By Stuart Leavenworth
8 November 2017

WASHINGTON (McClatchy) – Ever-higher temperatures are melting the ice sheets faster than projected. Sea level is rising. International efforts to reduce greenhouse gases are taking longer than expected. It’s a nightmare scenario that could soon demand an emergency response. What to do?

One idea gaining traction is to seed marine clouds with salt water or other particles, increasing their potential to reflect solar rays, cooling the earth. Its part of nascent and controversial branch of science known as “sunlight reflection methods,” or SRM.

“We think SRN could buy time for other (carbon-reduction) measures to be put in place,” said Philip J. Rasch, chief climate scientist for the Pacific Northwest National Laboratory in Richland, Washington.

“If the worst case scenarios of global warming come to pass, these technologies could be used to help people, saving lives and economies from the worst effects of climate change,” added Joseph Majkut, director of climate policy at the Niskanen Center, a Washington D.C. think tank.

Rasch and Majkut are two climate specialists who testified Wednesday before the House Committee on Science, Space and Technology, which held a subcommittee hearing on the potential for “geoengineering” — a catchall for proposals to directly cool the atmosphere or pull carbon emissions from it.

While Republicans in the House often dismiss research that man-made emissions are a driving cause of global warming, some conservatives are interested in the potential of geoengineering techniques. They hope that technologies to cool the climate or remove carbon dioxide from the atmosphere will reduce pressure to impose more regulations on industry, particularly oil companies and other producers of fossil fuels.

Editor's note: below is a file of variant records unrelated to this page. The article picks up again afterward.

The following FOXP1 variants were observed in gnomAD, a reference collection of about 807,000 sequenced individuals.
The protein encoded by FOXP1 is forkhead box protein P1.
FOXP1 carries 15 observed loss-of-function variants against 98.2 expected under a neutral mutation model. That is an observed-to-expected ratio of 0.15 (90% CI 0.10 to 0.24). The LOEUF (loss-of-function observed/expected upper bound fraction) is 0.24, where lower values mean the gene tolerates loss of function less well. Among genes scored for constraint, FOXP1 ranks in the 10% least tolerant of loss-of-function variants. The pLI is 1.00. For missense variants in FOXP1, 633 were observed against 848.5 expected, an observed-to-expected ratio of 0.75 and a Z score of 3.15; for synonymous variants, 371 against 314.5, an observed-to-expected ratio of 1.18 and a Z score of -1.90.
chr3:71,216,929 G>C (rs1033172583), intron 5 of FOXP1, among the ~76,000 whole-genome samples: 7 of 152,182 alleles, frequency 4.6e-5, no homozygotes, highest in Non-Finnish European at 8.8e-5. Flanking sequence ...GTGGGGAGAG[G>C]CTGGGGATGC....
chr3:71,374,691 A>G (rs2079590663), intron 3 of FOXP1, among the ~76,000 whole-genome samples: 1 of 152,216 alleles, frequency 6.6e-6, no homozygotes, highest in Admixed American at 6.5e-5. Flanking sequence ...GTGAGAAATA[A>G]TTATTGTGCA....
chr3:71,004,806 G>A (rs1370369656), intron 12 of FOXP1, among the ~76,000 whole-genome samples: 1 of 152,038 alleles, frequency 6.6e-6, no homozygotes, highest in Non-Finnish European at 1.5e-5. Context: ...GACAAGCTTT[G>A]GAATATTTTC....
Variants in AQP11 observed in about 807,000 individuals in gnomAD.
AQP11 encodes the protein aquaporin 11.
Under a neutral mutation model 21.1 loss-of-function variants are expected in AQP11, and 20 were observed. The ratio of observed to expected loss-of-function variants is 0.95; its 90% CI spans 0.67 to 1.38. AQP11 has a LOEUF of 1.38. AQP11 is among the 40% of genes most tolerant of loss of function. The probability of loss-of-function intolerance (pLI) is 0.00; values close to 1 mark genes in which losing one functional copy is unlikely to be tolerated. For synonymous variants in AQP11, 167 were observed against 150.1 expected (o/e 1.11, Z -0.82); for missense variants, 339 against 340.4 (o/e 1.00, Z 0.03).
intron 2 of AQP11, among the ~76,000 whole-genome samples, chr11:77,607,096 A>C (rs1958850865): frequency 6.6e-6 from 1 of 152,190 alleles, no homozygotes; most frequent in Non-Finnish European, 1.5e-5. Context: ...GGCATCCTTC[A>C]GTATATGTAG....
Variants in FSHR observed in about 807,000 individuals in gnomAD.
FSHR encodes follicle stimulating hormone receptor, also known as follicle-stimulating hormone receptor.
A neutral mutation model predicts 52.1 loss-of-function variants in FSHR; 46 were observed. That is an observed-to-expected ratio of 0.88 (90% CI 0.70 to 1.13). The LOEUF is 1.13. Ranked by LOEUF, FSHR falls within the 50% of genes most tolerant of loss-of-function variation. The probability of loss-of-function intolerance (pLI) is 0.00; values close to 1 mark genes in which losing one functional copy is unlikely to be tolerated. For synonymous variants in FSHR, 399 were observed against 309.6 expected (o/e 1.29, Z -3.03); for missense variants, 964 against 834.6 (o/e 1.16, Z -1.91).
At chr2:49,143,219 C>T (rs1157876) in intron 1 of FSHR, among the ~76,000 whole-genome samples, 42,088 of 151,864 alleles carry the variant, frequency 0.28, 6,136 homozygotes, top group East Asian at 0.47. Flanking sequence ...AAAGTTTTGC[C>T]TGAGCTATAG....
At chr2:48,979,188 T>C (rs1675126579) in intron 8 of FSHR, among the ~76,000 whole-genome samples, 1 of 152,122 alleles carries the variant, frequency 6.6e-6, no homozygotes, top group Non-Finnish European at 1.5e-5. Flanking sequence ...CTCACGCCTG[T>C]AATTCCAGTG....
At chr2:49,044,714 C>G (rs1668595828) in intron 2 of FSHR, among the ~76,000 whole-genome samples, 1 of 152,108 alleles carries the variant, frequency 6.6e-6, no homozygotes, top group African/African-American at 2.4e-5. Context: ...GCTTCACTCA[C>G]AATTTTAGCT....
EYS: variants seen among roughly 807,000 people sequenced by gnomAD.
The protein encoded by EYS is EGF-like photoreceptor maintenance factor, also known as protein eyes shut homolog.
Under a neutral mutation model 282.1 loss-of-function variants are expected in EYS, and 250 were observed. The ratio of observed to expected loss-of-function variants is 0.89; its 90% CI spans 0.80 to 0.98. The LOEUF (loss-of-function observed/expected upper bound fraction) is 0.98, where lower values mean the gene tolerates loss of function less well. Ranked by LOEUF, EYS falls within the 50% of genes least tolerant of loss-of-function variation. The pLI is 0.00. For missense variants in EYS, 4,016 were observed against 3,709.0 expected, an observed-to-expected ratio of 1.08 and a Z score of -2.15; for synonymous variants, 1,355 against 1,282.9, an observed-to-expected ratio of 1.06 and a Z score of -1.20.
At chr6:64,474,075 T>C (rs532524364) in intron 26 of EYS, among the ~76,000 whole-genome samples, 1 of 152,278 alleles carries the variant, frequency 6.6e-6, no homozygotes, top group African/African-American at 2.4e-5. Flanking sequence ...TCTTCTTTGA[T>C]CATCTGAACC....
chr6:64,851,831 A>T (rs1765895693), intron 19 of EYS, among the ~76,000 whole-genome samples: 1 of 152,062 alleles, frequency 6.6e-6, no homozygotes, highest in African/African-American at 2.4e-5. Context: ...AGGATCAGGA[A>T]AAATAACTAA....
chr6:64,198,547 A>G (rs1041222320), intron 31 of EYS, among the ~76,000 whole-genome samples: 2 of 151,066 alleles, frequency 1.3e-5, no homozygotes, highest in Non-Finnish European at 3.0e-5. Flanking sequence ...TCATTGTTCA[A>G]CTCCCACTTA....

“As climate continues to change, geoengineering could be a tool to curb resulting impacts,” said Rep. Lamar Smith, a Texas Republican who chairs the House Committee on Science, Space and Technology. “Instead of forcing unworkable and costly government mandates on the American people, we should look to technology and innovation to lead the way to address climate change.”

“We think SRN could buy time for other (carbon-reduction) measures to be put in place,” said Philip J. Rasch, chief climate scientist for the Pacific Northwest National Laboratory in Richland, Washington told the House Committee on Science, Space and Technology on 8 November 2017. Photo: House Committee on Science, Space and Technology

At Wednesday’s hearing, all the specialists testifying said geoengineering techniques shouldn’t be substituted for efforts to reduce greenhouse gases and prepare for climate change impacts. This point was also hammered home in a letter Wednesday by 24 scientists and environmental advocates. It stated that “any consideration of a Federally funded and coordinated research program into geoengineering must be in the context of a strategic portfolio of responses to climate change.”

Democrats on the committee mostly agreed.

“It is absolutely critical to reduce carbon emissions and prepare for the changes that are coming,” said Rep. Jerry McNerney of California. But McNerney, a Ph.D. mathematician who urged Smith to hold Wednesday’s hearing, said Congress should also explore whether geoengineering could serve as a quickly needed insurance policy.

“What tools are available? What are the technical feasibilities? What are the costs?” he said. “What are the risks of the different approaches to avoiding catastrophic change? That is where this hearing fits in.” [more]

We can brighten clouds to reflect heat and reduce global warming. But should we?

0 comments :

 

Blog Template by Adam Every . Sponsored by Business Web Hosting Reviews